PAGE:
One morning before church started a few years ago, I heard a song being piped in over the loudspeakers. I recognized it as a song by “Our Lady Peace,” a rock band that had a few hits in the 90s.
The song kind of sounded like a Christian song and I nodded my head along waiting for church to start as the following verse played:
“Down here in the atmosphere, garbage and city lights, you gotta save your tired soul, you gotta save our lives.”
Amen! That’s what I’m talking about. God, you gotta save our lives. Then the next verse was played:
“Hope you remember me, when you’re homesick and need a change. I miss your purple hair.”
Wait, what? Did Jesus have purple hair? I don’t remember that particular detail from the Bible.
“OK,” I thought to myself, “that’s a little weird. I’m not sure Jesus had purple hair but you know, when the sun is setting just right over the Dead Sea maybe it was kind of purple. I’m still with you.” And then the next line came in:
“I miss the way you taste.”
Ohh, this is one of those songs where it sounds kind of Christiany. You think at first that the guy is singing to God but he’s actually singing about someone else. OK. That makes sense. It’s a weird thing to play at church, but once I heard the lyrics I knew firmly where I stood.
But sometimes contemporary Christian music isn’t that clear. Sometimes you don’t get the purple hair clue. So to save you some guesswork, I’ve outlined the 4 types of songs most commonly found in Christian music:
1. God singing to us.
In these types of songs it’s almost like God picked up an acoustic guitar, sat down on a big log and said, “Hey Jon, come here. I wrote this little ditty I want to sing from you. Not diddy, like the rapper, who will always be Sean to me, I mean ditty like a song.” The lyrics are meant to be listened to as if God is singing directly to you.
2. Us singing to God.
Table turned. This is a message from us to God. It’s a cry, an act of praise, a modern day psalm if you will. A good example of this is the Brandon Heath song that’s popular right now, “Your Love.” When Heath sings “your love is the only thing that matters,” he’s not singing to a girlfriend or to you. He’s singing to God. Incidentally, the song “Your Love” by Brandon Heath is very, very different from the song, “Your Love” by Nicki Minaj. Those lyrics aren’t interchangeable. I promise.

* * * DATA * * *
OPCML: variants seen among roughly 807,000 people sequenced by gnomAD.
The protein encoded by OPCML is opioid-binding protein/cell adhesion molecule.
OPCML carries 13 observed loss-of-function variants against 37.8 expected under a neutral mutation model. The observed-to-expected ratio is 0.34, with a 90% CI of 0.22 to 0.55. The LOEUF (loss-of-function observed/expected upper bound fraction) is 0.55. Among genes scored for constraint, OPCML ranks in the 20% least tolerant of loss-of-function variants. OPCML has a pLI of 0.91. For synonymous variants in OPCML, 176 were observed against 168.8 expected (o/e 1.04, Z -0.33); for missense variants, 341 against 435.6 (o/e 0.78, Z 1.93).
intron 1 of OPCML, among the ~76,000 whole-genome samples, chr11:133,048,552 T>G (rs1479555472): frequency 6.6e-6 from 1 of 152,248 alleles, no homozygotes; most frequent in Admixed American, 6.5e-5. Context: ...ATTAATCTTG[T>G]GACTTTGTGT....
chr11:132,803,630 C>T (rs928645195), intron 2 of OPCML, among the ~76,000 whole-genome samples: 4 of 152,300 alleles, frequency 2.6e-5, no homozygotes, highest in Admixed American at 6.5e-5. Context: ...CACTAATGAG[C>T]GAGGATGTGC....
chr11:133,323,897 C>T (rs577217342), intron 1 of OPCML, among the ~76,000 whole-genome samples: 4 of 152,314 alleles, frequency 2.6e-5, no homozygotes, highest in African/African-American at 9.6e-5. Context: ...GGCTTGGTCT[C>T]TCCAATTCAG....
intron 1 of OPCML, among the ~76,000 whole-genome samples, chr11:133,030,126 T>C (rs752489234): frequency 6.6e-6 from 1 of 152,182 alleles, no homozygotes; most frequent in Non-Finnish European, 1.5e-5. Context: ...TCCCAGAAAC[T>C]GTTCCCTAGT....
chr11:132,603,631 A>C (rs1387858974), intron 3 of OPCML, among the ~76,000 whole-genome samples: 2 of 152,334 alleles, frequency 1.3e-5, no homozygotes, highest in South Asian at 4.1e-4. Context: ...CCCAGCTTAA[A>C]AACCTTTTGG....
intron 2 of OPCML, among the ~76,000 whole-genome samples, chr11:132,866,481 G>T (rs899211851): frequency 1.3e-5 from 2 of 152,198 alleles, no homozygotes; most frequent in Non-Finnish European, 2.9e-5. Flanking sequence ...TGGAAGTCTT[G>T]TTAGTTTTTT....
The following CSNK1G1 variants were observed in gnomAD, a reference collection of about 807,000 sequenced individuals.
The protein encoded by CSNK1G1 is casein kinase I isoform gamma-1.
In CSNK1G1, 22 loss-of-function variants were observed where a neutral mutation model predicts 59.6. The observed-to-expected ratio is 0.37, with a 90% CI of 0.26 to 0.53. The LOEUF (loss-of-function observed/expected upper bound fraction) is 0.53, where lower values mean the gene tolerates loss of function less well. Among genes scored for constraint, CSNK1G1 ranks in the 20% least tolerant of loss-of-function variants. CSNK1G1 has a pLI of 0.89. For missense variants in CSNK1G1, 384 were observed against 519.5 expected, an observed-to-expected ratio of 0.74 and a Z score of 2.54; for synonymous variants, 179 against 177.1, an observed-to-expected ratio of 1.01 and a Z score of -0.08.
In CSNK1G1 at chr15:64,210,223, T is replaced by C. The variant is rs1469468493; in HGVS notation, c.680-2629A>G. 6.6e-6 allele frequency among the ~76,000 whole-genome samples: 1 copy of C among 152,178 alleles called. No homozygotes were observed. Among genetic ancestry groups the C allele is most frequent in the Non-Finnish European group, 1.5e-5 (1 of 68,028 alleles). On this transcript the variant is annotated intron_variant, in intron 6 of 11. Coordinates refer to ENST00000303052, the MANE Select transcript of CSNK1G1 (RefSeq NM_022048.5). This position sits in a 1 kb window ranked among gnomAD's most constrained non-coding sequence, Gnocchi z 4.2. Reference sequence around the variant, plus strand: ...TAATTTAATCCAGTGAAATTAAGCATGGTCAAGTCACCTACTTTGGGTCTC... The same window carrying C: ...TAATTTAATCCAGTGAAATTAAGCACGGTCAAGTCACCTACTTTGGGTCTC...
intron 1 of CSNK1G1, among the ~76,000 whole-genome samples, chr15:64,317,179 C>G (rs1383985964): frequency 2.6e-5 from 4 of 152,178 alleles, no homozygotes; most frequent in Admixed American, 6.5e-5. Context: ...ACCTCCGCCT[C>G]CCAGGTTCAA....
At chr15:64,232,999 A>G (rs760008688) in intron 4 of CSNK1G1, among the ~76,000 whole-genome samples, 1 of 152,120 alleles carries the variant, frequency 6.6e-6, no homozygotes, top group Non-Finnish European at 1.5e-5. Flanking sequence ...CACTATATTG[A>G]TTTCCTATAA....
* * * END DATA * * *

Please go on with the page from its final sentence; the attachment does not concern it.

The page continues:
3. God & Us duet.
This is where it gets tricky. In this type of song it’s like a conversation between God and the listener. You have to really tune in to know which lyrics you’re supposed to sing and which verses God is supposed to carry.
4. Song about love.
In this type of song, a Christian recording artist breaks away from the previous three types of songs and writes about love. As in for a significant other that he or she loves. Mat Kearney’s new song “hey mama” is a perfect example of this approach. The beat of it kind of reminds me of Michael Franti. In the song, Kearney lays out his heart for a lady friend, a “Tennessee Queen.” Someone he’d like to kiss who has “Cherokee eyes” and “golden thighs.” Whoa Kearney! But before you get in a huff, and say “dirty lyrics,” allow me to throw out … the Song of Solomon card! Boom! This song is nowhere near as physically expressive as that book of the Bible. (And it’s a great song, the lyric “You’re Mississippi and I’m Oregon, you’re sun tanned and I’m porcelain,” is brilliant.)
Hopefully we cleared up a few things today. Of course, you could always argue that “there’s no such thing as a ‘Christian song,’ but I’ve heard that so many times it turned my hair purple. Like the Dead Sea or the Sea of Galilee.
What’s your favorite Christian song right now?